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Between Madrassah and The Academy Studying Islam in the East Versus West
Channel: Yasir Qadhi
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Bismillahirrahmanirrahim are salat wa salam ala shuffle Ambia even more saline. Thank you all very much for coming to this event, which is going to have a special event that we've arranged that really fits the nature of the College of Islamic Studies and what we seek to do, being a bridge between both Western academia and academic models within the Islamic world so that we can through the Western academic model still affect modes of teaching that preserve and perpetuate classical Islamic epistemologies. And so that the institutions that we have, though they may be in the modern form, have the substance which is inherent to the classical tradition from the time of the Prophet
sallallahu alayhi wasallam. Now, the person that we have with us our guest today is one of the few people who really has the ability to fully address this issue. Dr. Yasser Bodhi l yearly
joined. He is a resident scholar at East Plano Islamic Center, and he is the dean of Islamic Seminary of America in Dallas, Texas. He completed his primary and secondary education in Jeddah, Saudi Arabia, then graduated with a BS in chemical engineering from the University of Houston, after which he completed a second bachelor's degree at the Islamic University of Medina specializing in Hadith studies. Then he went on to complete an MA in Islamic theology from the College of Dawa. He then returned to the United States and completed a PhD in religious studies from Yale University, where his dissertation focused in some ways upon the issues that we are addressing here today, which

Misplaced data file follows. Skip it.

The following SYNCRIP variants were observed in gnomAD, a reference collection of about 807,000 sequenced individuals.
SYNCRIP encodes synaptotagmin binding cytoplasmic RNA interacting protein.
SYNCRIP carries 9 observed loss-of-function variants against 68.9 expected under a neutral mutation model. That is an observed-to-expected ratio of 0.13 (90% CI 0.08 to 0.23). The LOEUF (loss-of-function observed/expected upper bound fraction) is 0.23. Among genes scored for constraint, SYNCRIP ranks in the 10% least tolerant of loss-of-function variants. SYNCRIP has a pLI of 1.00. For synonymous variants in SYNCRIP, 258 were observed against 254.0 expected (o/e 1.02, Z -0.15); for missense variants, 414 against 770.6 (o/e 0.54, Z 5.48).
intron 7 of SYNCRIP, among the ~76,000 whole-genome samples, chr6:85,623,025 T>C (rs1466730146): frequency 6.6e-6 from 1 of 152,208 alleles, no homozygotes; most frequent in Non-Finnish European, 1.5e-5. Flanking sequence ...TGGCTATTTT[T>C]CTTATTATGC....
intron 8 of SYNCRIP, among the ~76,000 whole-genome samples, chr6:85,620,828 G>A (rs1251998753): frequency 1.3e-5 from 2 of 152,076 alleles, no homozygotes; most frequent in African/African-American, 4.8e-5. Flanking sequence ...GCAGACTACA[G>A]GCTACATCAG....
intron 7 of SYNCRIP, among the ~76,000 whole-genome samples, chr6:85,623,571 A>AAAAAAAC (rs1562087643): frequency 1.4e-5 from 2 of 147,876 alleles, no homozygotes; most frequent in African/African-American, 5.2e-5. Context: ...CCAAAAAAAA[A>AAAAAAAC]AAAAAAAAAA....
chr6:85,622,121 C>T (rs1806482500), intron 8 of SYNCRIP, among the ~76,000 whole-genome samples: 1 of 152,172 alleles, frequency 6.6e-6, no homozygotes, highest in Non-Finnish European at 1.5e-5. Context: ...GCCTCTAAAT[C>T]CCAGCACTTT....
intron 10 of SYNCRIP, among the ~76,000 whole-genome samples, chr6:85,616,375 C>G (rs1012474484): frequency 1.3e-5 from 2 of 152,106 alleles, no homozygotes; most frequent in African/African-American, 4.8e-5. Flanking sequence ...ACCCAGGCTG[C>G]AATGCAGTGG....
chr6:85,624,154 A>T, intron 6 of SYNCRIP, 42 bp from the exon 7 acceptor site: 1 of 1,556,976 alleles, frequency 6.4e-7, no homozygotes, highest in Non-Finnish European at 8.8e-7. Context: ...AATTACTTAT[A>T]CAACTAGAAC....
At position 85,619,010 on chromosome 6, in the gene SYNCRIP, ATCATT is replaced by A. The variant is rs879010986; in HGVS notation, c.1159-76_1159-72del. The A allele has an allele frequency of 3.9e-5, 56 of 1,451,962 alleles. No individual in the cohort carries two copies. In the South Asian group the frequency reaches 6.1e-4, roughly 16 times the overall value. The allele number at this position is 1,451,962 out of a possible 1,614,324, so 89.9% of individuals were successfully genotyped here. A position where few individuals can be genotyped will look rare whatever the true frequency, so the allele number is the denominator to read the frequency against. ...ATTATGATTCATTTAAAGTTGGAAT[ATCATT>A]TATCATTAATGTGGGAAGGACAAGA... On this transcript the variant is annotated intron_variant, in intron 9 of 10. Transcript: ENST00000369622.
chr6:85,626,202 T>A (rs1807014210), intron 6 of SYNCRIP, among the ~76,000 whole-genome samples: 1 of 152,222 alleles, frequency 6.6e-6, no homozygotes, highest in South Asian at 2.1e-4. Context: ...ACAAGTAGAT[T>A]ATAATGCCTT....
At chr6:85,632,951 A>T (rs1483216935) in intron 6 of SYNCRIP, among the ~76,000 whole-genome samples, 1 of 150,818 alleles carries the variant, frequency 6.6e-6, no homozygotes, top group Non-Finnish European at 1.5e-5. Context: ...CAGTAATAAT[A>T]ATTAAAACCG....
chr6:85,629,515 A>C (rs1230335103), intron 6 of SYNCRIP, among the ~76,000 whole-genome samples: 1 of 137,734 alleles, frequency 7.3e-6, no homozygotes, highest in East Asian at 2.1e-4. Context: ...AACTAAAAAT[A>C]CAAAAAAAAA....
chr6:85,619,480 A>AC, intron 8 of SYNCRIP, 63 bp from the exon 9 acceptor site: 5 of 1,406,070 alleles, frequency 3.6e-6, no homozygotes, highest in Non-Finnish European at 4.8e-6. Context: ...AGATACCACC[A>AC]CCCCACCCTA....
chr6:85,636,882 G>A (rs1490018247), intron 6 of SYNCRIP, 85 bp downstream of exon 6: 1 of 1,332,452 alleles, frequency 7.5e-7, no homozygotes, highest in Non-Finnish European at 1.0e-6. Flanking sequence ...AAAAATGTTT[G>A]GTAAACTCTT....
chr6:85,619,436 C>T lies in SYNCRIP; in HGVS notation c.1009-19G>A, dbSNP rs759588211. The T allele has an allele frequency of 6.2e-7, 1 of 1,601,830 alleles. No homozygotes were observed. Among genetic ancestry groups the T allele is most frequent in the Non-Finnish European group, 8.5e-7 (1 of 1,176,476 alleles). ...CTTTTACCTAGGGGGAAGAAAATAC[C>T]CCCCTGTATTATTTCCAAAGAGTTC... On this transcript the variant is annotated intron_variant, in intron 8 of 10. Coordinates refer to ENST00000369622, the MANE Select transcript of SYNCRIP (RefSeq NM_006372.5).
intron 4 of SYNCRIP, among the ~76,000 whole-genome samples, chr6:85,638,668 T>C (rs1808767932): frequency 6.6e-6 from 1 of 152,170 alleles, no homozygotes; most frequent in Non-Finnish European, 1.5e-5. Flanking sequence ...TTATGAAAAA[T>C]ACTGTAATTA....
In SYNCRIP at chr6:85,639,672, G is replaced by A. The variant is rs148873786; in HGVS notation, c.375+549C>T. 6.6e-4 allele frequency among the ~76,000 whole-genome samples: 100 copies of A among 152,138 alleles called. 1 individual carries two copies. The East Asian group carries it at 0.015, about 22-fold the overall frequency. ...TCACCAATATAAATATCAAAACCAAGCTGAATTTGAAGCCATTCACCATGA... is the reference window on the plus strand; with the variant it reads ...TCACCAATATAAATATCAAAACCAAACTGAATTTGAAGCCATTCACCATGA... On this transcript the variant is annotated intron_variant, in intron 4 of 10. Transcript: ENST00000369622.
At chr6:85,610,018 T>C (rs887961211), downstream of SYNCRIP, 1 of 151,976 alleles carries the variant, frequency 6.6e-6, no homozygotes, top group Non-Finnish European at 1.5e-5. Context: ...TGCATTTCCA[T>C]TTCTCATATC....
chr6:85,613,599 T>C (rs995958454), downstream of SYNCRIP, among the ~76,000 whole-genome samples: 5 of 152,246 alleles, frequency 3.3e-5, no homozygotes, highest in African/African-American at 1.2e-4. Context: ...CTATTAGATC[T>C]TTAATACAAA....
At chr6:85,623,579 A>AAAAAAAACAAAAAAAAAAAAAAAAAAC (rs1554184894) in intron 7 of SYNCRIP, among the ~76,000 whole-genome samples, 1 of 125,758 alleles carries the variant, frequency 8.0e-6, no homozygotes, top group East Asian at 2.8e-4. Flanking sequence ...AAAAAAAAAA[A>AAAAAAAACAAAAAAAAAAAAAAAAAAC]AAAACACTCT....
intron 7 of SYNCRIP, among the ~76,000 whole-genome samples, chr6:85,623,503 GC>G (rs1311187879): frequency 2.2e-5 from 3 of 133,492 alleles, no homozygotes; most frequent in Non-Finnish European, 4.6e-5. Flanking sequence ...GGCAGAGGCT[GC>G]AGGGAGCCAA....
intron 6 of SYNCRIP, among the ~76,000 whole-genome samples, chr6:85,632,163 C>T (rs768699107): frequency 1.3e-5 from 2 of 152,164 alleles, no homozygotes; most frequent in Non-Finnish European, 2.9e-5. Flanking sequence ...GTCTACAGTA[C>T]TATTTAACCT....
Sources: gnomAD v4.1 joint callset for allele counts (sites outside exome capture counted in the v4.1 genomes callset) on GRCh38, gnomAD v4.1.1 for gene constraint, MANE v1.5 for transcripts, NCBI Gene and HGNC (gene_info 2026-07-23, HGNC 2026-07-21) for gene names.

is the role the relationship between Beeson Ockel and Revelation knuckle which read in he focused on this in the form of Ibn Taymiyyah. Dr. Yasir qadhi has authored several books, for example, a commentary on sort of the clef and you sought use of as well and sort of the use of these are very good books, I'd recommend them personally, I've benefited from them. And he's published several academic articles appeared on numerous satellite and TV stations around the globe. His online videos are some of the most popular and highly watched Islamic videos in English. He's currently working on a book entitled in the footsteps of the righteous predecessors, solid Salafism between fact and